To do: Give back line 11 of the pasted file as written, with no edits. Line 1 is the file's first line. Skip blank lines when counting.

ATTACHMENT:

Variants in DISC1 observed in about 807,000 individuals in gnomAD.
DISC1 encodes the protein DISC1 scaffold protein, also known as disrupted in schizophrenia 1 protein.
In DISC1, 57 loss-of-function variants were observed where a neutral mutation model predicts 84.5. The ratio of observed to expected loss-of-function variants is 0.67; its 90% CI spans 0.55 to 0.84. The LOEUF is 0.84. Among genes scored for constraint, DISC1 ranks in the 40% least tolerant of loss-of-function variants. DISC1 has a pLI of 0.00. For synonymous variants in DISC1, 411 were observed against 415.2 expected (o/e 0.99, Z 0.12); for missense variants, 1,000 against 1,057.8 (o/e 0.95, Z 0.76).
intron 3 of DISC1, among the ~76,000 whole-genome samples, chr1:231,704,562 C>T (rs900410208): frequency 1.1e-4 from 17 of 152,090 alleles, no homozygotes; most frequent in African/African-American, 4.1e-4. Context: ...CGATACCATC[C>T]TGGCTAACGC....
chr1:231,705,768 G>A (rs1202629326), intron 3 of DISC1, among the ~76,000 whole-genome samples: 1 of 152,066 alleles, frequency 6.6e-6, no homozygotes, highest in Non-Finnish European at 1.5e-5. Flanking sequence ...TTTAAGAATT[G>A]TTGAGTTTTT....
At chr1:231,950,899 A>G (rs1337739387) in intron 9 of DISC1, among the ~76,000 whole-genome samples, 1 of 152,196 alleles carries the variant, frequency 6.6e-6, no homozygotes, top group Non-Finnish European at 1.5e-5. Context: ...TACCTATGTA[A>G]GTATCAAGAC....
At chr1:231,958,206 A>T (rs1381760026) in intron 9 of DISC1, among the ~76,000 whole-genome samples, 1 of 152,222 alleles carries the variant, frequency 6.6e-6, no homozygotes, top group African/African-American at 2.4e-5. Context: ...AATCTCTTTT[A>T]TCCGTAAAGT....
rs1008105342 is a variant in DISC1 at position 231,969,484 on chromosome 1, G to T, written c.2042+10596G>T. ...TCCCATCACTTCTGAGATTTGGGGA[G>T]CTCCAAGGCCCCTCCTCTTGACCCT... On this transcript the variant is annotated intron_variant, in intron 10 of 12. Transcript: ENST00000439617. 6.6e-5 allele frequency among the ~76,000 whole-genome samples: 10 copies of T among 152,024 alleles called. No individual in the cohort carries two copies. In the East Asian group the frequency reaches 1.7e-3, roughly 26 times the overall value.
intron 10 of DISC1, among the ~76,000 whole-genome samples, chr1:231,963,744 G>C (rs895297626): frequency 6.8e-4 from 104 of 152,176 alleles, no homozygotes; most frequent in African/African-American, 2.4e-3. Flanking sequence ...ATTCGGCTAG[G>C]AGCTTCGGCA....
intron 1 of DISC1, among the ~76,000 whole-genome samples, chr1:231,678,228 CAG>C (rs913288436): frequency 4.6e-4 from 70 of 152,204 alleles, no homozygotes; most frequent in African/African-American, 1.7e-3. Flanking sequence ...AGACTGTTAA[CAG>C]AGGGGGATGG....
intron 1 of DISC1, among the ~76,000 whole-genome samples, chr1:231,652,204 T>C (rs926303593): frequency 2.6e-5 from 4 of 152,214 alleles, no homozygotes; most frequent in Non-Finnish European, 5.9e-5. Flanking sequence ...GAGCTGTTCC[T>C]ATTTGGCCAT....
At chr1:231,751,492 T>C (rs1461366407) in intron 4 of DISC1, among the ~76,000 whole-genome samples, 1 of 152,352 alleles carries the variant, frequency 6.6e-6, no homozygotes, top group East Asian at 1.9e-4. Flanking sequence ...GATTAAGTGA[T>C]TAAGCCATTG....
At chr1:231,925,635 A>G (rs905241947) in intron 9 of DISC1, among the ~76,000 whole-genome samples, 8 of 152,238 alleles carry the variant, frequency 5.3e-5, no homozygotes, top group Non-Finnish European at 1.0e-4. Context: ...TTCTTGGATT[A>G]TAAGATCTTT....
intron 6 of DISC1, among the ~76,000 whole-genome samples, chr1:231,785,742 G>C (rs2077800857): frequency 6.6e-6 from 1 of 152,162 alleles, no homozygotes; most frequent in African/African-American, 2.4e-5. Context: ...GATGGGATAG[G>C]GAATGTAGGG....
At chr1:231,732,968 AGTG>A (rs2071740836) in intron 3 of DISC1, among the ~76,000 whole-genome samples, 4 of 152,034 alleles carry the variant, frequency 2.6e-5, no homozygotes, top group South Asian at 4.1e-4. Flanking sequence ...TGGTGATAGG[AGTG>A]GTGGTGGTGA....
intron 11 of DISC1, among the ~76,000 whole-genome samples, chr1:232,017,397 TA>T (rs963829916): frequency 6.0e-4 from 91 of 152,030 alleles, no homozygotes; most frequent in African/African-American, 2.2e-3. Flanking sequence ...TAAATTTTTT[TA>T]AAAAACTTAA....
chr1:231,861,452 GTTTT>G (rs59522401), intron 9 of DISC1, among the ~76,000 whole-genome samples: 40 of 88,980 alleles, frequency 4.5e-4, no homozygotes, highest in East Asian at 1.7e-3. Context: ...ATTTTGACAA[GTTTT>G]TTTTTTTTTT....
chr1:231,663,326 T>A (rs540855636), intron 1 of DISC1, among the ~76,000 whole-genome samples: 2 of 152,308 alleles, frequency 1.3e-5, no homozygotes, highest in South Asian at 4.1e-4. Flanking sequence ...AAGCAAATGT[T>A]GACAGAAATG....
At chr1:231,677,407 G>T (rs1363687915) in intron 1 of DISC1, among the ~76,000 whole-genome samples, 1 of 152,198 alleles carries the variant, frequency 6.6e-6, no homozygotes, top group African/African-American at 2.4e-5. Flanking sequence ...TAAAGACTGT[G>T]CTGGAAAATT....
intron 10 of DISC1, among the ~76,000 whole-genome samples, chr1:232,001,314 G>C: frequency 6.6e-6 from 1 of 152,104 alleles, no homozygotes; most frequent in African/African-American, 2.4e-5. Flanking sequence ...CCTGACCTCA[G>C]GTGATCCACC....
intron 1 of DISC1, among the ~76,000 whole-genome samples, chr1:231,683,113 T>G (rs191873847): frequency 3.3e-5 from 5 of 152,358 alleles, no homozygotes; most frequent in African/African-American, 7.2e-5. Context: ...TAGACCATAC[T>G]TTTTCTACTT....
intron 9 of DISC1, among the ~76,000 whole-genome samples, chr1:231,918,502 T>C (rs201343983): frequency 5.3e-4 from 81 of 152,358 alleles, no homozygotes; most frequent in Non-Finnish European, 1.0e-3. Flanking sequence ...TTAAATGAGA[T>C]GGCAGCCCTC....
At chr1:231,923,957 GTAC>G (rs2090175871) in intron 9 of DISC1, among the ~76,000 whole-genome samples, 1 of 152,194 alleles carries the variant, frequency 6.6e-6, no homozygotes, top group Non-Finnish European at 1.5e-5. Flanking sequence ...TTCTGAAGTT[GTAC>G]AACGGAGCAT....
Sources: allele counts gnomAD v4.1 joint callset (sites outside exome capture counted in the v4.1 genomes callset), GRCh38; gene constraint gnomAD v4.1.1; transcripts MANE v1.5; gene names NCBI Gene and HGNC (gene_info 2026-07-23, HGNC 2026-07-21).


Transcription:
intron 1 of DISC1, among the ~76,000 whole-genome samples, chr1:231,652,204 T>C (rs926303593): frequency 2.6e-5 from 4 of 152,214 alleles, no homozygotes; most frequent in Non-Finnish European, 5.9e-5. Flanking sequence ...GAGCTGTTCC[T>C]ATTTGGCCAT....